A urethral stricture is a narrowing of the urethra that is usually caused by an injury, most commonly a crush injury that occurs when boys fall straddling a hard object. Sometimes urethral stricture is a birth defect or occurs after surgical repair is done to correct a defect of the penis called hypospadias Hypospadias Birth defects of the genitals can involve the penis, scrotum, or testes (testicles) in boys and the vagina and labia in girls. Sometimes the genitals are ambiguous, that is, not clearly female... read more . It is more common among boys.
In urethral meatal stenosis, the outside opening of the urethra (meatus) is narrow and decreases and misdirects the flow of urine. This occurs mostly in boys who previously had surgery on their penis or were circumcised as newborns.
Urethra in the wrong place
The opening of the urethra may be in the wrong place.
In boys, the opening of the urethra may be on the underside of the penis (called hypospadias Hypospadias Birth defects of the genitals can involve the penis, scrotum, or testes (testicles) in boys and the vagina and labia in girls. Sometimes the genitals are ambiguous, that is, not clearly female... read more ) or on the topside of the penis (called epispadias Epispadias Birth defects of the genitals can involve the penis, scrotum, or testes (testicles) in boys and the vagina and labia in girls. Sometimes the genitals are ambiguous, that is, not clearly female... read more ), instead of at the tip. Boys who have hypospadias often have another defect called chordee Chordee Birth defects of the genitals can involve the penis, scrotum, or testes (testicles) in boys and the vagina and labia in girls. Sometimes the genitals are ambiguous, that is, not clearly female... read more (a downward bend of the penis) and a hooded foreskin (where the foreskin has not grown together on the underside of the penis). Children who have epispadias may have involuntary release of urine Urinary Incontinence in Children Urinary incontinence is defined as the involuntary release of urine occurring two or more times per month after toilet training. Incontinence may be present During the day (daytime or diurnal... read more (urinary incontinence).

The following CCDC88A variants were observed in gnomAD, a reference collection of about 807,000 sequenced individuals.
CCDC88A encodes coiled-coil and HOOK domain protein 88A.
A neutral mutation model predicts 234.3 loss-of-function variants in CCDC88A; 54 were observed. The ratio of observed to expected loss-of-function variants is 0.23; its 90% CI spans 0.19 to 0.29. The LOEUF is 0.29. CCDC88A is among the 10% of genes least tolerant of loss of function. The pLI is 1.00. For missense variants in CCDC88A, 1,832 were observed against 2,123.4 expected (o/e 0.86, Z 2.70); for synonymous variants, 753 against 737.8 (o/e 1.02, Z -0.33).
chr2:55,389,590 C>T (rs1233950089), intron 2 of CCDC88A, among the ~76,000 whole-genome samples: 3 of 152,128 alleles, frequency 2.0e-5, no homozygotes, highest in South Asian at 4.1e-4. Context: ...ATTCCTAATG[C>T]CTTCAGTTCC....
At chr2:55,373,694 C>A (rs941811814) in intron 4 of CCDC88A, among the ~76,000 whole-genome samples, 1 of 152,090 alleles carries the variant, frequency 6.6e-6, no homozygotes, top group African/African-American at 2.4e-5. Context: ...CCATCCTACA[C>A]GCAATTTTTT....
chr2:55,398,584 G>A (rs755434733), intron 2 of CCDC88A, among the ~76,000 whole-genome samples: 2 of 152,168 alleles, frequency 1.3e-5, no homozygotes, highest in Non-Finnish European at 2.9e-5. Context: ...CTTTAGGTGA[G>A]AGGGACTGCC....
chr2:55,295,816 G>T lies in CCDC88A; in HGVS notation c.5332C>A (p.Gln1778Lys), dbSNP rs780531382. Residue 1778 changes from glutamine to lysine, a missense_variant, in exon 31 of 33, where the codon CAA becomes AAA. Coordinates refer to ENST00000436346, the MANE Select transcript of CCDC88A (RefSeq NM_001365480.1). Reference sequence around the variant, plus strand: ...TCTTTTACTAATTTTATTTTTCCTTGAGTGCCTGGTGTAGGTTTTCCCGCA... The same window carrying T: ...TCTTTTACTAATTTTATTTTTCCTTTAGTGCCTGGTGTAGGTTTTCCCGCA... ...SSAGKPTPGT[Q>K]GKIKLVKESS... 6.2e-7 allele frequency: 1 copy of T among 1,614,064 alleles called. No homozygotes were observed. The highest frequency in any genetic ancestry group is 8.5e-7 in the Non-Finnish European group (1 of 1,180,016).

In girls, the opening of the urethra may be misplaced between the clitoris and the labia, inside the opening of the vagina, or rarely on the abdomen.
Urethral prolapse occurs in girls. In this disorder, the inner lining of the urethra sticks out through the opening of the urethra. When urethral prolapse occurs, the opening of the urethra looks like a small red and swollen donut. Urethral prolapse typically does not cause symptoms, but the prolapsed tissue may bleed, causing blood spots on the girl's diaper or underwear. This disorder is common among Black girls.
Duplicated urethras (extra urethras)
Rarely, children are born with two or more urethras. Usually only one of them is connected to the bladder, but sometimes they are all connected to the bladder or to each other.
Diagnosis of Urethra Defects
Sometimes voiding cystourethrography
Before birth, doctors sometimes discover defects of the urethra that cause significant urinary blockage during routine prenatal ultrasonography Ultrasonography Prenatal diagnostic testing involves testing the fetus before birth (prenatally) to determine whether the fetus has certain abnormalities, including certain hereditary or spontaneous genetic... read more .